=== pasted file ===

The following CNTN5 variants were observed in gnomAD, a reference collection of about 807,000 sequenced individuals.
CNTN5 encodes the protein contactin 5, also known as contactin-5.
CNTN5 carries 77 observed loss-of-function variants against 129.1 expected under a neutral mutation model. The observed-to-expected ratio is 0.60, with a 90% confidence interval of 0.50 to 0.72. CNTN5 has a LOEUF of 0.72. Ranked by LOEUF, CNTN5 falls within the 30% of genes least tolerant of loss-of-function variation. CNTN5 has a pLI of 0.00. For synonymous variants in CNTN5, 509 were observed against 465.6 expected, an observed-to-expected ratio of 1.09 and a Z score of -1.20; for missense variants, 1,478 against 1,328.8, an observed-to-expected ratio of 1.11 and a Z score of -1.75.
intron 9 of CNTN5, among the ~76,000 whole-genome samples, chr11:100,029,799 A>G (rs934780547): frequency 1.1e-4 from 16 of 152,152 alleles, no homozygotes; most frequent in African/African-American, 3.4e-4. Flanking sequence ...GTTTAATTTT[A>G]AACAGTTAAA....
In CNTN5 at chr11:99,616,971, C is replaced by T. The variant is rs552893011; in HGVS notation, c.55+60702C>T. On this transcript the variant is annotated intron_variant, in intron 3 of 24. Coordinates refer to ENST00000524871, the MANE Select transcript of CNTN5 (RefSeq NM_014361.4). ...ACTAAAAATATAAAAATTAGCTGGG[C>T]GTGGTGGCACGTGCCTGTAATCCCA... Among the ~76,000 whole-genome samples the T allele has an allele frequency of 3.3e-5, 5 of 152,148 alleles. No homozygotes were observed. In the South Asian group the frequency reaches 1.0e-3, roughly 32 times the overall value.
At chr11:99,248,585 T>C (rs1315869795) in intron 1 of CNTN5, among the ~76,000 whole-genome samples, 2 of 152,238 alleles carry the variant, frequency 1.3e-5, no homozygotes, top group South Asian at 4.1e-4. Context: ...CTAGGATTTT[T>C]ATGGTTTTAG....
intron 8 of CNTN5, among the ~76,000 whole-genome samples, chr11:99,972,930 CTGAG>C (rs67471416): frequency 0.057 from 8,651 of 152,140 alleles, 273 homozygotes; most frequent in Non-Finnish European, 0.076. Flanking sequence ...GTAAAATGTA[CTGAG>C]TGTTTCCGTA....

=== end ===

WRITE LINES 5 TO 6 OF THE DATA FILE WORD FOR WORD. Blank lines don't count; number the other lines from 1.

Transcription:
In CNTN5 at chr11:99,616,971, C is replaced by T. The variant is rs552893011; in HGVS notation, c.55+60702C>T. On this transcript the variant is annotated intron_variant, in intron 3 of 24. Coordinates refer to ENST00000524871, the MANE Select transcript of CNTN5 (RefSeq NM_014361.4). ...ACTAAAAATATAAAAATTAGCTGGG[C>T]GTGGTGGCACGTGCCTGTAATCCCA... Among the ~76,000 whole-genome samples the T allele has an allele frequency of 3.3e-5, 5 of 152,148 alleles. No homozygotes were observed. In the South Asian group the frequency reaches 1.0e-3, roughly 32 times the overall value.
At chr11:99,248,585 T>C (rs1315869795) in intron 1 of CNTN5, among the ~76,000 whole-genome samples, 2 of 152,238 alleles carry the variant, frequency 1.3e-5, no homozygotes, top group South Asian at 4.1e-4. Context: ...CTAGGATTTT[T>C]ATGGTTTTAG....